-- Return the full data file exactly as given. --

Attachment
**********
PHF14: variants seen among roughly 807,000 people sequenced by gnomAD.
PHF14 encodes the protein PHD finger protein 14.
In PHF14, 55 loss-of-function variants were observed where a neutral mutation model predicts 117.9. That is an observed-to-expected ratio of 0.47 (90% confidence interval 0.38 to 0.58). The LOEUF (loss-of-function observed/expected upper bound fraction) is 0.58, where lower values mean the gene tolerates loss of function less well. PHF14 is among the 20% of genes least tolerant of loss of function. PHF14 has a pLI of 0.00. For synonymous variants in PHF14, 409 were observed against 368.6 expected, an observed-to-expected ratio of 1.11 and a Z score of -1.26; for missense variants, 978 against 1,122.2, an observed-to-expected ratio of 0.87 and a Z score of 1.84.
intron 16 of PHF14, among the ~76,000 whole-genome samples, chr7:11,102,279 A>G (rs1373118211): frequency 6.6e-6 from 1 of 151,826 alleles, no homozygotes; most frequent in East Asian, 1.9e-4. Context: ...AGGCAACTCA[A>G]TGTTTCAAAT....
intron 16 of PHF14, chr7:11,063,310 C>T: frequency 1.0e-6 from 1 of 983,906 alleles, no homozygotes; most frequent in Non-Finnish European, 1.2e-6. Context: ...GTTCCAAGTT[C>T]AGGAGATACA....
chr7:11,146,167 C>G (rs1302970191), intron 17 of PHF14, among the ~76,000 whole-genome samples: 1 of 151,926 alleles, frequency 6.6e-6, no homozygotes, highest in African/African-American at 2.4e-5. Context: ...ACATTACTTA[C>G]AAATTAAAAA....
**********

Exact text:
PHF14: variants seen among roughly 807,000 people sequenced by gnomAD.
PHF14 encodes the protein PHD finger protein 14.
In PHF14, 55 loss-of-function variants were observed where a neutral mutation model predicts 117.9. That is an observed-to-expected ratio of 0.47 (90% confidence interval 0.38 to 0.58). The LOEUF (loss-of-function observed/expected upper bound fraction) is 0.58, where lower values mean the gene tolerates loss of function less well. PHF14 is among the 20% of genes least tolerant of loss of function. PHF14 has a pLI of 0.00. For synonymous variants in PHF14, 409 were observed against 368.6 expected, an observed-to-expected ratio of 1.11 and a Z score of -1.26; for missense variants, 978 against 1,122.2, an observed-to-expected ratio of 0.87 and a Z score of 1.84.
intron 16 of PHF14, among the ~76,000 whole-genome samples, chr7:11,102,279 A>G (rs1373118211): frequency 6.6e-6 from 1 of 151,826 alleles, no homozygotes; most frequent in East Asian, 1.9e-4. Context: ...AGGCAACTCA[A>G]TGTTTCAAAT....
intron 16 of PHF14, chr7:11,063,310 C>T: frequency 1.0e-6 from 1 of 983,906 alleles, no homozygotes; most frequent in Non-Finnish European, 1.2e-6. Context: ...GTTCCAAGTT[C>T]AGGAGATACA....
chr7:11,146,167 C>G (rs1302970191), intron 17 of PHF14, among the ~76,000 whole-genome samples: 1 of 151,926 alleles, frequency 6.6e-6, no homozygotes, highest in African/African-American at 2.4e-5. Context: ...ACATTACTTA[C>G]AAATTAAAAA....